zondag 11 mei 2014

Israel as a 'Jewish' state

How weird is it that some Israelis want to see their country recognized as a ‘Jewish’ state ?

Pretty weird, according to many Western observers. Their reasoning is that, under customary international law, formally established borders are inviolable and that that’s all that counts. Within those limits, the inhabitants of a country are entirely free to determine their own identity. Recognition of Israel as a Jewish State therefore does, in an international legal sense,  not have any added value in addition to the recognition of Israel as a state .

According to this argument, the reference to an ethnic identity – within international law – is irrelevant. It refers to an outdated organizing principle, for example of the ordering of Central European states after the First World War in which ethnic self-determination was an important principle, and therefore determination of ethnic identity was so too. After the Second World War that principle moved to the background in favor of the principle of inviolability of borders and of once established territorial integrity. So, what proponents of recognition of Israel as a Jewish state do – according to this argument – is: they want to have it both ways. They mix up in an obsucre fashion the outdated principle of ethnic self-determination with the only principle that really matters: territorial integrity. So, their desire is anachronistic and therefore a little weird.

Personally, I think that desire is not so strange. I’m more inclined to find the above reasoning flawed, because it is rather abstract and because it only with difficulty assigns space to factors of a historical, ethnic and linguistic nature. That these can confuse the issue is certainly true, but they are therefore no less real or effective.

That may appear from interventions made in the last decades by the very same West. It is true that thereby actions were frequently based on the principle of territorial integrity, such as the beating of Iraq after the invasion of Kuwait. But the West was certainly not consistent, the principle of ethnic identities also at some times played a major role. For example in supporting Kosovo when it broke away from Serbia. Enough reason for Putin these days to claim that the West applies double standards.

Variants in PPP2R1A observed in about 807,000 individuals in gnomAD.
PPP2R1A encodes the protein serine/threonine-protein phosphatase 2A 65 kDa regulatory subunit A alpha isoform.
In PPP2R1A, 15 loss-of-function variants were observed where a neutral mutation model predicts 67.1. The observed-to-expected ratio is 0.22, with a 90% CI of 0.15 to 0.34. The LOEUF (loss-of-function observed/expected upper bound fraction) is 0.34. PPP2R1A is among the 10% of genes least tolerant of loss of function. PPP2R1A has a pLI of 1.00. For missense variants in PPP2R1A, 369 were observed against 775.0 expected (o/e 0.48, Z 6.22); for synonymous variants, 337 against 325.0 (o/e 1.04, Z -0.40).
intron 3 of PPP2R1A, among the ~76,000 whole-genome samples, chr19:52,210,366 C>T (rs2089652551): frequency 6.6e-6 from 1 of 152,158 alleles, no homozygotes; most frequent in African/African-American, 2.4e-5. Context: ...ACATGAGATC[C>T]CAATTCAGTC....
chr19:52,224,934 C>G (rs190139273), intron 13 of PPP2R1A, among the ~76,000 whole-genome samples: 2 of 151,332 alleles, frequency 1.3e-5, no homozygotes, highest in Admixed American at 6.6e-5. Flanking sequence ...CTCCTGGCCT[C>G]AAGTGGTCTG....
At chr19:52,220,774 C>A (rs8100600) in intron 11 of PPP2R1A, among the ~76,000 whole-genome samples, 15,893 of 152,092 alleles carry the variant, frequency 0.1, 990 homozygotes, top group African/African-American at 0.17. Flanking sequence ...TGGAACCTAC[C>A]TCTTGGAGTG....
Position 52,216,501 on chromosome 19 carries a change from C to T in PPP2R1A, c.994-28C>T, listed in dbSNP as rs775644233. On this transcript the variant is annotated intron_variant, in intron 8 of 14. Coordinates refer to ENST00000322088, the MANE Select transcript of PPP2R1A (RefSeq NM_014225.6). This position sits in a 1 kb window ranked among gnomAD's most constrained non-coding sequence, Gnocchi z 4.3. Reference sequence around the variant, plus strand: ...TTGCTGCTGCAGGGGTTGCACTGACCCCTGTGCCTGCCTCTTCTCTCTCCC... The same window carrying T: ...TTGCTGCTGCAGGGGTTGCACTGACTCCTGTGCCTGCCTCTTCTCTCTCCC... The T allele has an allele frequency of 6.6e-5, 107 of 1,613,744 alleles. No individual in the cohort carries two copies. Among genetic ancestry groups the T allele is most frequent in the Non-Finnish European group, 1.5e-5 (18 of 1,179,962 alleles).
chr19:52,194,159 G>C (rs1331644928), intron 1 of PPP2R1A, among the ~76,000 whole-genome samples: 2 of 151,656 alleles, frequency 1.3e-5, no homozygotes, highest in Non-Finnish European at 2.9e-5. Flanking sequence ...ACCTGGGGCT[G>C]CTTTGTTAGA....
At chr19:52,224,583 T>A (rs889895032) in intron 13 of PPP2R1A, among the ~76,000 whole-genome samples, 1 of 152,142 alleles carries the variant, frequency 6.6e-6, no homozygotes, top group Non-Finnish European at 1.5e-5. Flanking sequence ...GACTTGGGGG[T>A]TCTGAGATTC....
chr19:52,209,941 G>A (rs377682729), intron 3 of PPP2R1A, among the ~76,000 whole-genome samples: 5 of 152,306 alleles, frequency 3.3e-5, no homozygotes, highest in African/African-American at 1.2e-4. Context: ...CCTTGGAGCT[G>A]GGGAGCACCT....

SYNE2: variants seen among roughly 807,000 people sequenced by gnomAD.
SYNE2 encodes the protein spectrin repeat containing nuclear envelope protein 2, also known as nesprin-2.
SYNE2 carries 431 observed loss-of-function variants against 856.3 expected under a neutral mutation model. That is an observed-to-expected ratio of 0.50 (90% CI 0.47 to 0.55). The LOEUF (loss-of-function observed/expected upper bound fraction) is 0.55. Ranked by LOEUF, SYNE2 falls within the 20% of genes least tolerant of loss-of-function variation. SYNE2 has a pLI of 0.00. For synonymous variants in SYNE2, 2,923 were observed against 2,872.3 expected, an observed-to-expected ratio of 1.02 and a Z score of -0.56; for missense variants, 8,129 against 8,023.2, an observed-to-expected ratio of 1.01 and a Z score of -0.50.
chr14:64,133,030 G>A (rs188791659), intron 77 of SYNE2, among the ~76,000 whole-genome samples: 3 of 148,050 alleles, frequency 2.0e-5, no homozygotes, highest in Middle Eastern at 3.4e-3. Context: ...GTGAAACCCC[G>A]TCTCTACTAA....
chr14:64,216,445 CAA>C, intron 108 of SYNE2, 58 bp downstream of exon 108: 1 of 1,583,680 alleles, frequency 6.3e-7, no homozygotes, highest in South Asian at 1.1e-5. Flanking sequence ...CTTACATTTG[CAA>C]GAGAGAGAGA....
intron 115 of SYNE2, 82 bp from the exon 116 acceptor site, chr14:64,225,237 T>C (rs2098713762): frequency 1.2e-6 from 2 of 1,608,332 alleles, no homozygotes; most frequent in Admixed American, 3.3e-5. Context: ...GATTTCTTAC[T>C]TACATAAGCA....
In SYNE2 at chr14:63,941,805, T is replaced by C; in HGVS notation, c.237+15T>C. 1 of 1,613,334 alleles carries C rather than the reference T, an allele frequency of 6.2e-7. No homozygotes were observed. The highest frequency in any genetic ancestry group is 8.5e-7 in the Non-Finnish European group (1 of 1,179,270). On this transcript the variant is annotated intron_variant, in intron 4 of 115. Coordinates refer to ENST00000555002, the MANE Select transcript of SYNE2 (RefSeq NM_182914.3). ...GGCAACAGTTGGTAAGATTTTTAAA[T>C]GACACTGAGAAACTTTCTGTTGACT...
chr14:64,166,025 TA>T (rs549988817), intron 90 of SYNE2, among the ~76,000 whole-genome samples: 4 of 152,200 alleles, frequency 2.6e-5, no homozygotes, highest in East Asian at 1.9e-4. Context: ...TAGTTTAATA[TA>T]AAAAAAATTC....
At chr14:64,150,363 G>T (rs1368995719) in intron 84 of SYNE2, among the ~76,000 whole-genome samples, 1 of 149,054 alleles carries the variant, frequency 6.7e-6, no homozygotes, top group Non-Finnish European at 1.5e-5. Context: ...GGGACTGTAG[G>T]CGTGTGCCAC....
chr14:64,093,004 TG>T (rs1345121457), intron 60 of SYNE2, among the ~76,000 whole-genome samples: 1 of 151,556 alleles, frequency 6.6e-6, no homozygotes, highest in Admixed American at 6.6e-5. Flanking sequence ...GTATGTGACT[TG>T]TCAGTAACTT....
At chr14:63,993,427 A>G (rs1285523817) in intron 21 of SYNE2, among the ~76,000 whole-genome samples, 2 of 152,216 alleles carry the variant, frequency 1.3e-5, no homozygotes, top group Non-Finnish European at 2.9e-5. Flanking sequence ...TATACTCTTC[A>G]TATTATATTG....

Furthermore, the crisis in Ukraine makes it clear that to simply stick to territorial integrity is not always the solution, and even less so to the degree to which ethnic and linguistic factors have a greater weight.

It could therefore be quite adequate when a country for its integrity appeals not just to its borders, but also to a certain historical and ethnic identity. Because these are real and authentic factors. Having your principles both ways could very well be a necessity, and in fact Western countries act accordingly.

What makes the situation in Israel hard to swallow is that a third principle is in play there: to conquer as much territory from the Palestinians as possible. Because that principle bites with the other two. It is both contrary to the observance of internationally recognized borders, and to respecting the Jewish character of the state. At least as long as democracy is part of that character, and I can not – as yet – view that not to be the case.

Also see The heroic, cosmopolitical Individual